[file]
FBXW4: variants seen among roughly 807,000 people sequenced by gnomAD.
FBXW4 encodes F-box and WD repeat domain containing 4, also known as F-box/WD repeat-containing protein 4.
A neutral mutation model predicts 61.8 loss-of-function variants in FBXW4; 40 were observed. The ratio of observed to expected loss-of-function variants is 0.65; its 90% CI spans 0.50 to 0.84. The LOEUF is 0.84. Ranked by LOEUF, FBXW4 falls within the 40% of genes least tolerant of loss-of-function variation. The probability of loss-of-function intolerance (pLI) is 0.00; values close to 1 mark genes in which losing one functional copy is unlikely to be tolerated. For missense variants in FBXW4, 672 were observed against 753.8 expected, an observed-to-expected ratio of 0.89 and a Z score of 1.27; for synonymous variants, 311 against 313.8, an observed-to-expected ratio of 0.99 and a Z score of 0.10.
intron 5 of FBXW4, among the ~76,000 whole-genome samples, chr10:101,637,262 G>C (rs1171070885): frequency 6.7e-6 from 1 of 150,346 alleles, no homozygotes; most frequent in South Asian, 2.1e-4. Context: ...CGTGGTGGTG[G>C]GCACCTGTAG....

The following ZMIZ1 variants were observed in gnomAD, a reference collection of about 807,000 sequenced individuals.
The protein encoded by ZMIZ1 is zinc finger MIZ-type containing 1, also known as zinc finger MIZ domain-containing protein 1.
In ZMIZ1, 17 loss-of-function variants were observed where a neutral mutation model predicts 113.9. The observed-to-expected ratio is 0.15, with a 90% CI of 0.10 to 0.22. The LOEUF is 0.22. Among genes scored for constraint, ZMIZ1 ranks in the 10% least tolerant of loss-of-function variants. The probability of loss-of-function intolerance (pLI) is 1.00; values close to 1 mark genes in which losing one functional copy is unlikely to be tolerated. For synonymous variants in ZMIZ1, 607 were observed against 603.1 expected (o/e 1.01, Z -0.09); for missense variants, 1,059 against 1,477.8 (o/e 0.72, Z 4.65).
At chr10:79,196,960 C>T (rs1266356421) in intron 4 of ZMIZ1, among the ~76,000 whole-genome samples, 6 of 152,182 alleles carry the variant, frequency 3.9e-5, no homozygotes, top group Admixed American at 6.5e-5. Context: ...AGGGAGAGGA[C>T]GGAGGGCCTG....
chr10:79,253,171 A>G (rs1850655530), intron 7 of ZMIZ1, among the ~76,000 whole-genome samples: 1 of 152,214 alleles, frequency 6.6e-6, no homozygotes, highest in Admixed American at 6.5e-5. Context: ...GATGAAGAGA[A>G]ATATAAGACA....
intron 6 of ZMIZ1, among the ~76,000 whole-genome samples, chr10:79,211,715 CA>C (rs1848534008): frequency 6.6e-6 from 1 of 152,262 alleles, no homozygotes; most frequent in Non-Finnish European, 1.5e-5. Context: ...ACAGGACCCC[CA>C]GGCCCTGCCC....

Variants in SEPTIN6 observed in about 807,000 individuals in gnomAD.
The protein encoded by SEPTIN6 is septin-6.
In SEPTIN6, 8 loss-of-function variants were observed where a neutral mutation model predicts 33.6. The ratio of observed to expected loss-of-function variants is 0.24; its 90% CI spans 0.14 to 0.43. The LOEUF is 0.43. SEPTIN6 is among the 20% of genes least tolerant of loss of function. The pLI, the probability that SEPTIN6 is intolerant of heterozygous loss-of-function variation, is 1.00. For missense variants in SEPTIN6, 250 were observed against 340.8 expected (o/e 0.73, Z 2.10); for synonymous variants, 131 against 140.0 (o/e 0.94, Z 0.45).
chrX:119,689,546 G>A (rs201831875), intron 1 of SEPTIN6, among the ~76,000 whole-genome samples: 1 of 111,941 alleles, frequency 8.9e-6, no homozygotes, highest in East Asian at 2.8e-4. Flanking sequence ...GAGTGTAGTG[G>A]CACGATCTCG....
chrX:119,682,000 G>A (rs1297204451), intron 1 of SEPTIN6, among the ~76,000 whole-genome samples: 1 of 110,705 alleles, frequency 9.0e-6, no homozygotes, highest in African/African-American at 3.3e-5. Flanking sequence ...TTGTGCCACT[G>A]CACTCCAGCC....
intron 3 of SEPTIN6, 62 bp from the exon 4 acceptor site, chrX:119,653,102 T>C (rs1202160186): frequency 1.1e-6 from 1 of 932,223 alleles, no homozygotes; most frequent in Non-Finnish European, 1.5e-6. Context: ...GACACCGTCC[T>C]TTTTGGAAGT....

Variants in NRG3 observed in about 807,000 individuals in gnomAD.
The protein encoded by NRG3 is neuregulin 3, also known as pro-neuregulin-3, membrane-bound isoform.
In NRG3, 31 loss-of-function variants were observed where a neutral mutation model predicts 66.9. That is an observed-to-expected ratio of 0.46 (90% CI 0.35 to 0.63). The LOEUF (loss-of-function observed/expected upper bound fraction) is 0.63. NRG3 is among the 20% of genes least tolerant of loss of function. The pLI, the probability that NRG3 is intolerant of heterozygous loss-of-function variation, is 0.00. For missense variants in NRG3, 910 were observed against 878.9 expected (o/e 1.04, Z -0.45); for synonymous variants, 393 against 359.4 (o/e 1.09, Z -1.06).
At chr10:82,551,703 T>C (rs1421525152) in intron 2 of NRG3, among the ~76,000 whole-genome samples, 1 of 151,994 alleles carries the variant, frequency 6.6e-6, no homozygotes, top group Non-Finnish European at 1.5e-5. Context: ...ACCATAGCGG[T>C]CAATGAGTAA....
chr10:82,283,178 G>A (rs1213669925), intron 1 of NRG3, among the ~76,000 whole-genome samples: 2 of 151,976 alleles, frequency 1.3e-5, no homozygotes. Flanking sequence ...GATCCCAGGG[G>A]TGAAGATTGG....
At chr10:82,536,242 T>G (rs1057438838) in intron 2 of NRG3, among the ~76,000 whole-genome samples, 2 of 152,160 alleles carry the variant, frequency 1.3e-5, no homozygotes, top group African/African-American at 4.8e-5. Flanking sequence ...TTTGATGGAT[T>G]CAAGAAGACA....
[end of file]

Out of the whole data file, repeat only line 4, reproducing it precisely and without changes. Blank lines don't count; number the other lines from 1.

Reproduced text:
intron 5 of FBXW4, among the ~76,000 whole-genome samples, chr10:101,637,262 G>C (rs1171070885): frequency 6.7e-6 from 1 of 150,346 alleles, no homozygotes; most frequent in South Asian, 2.1e-4. Context: ...CGTGGTGGTG[G>C]GCACCTGTAG....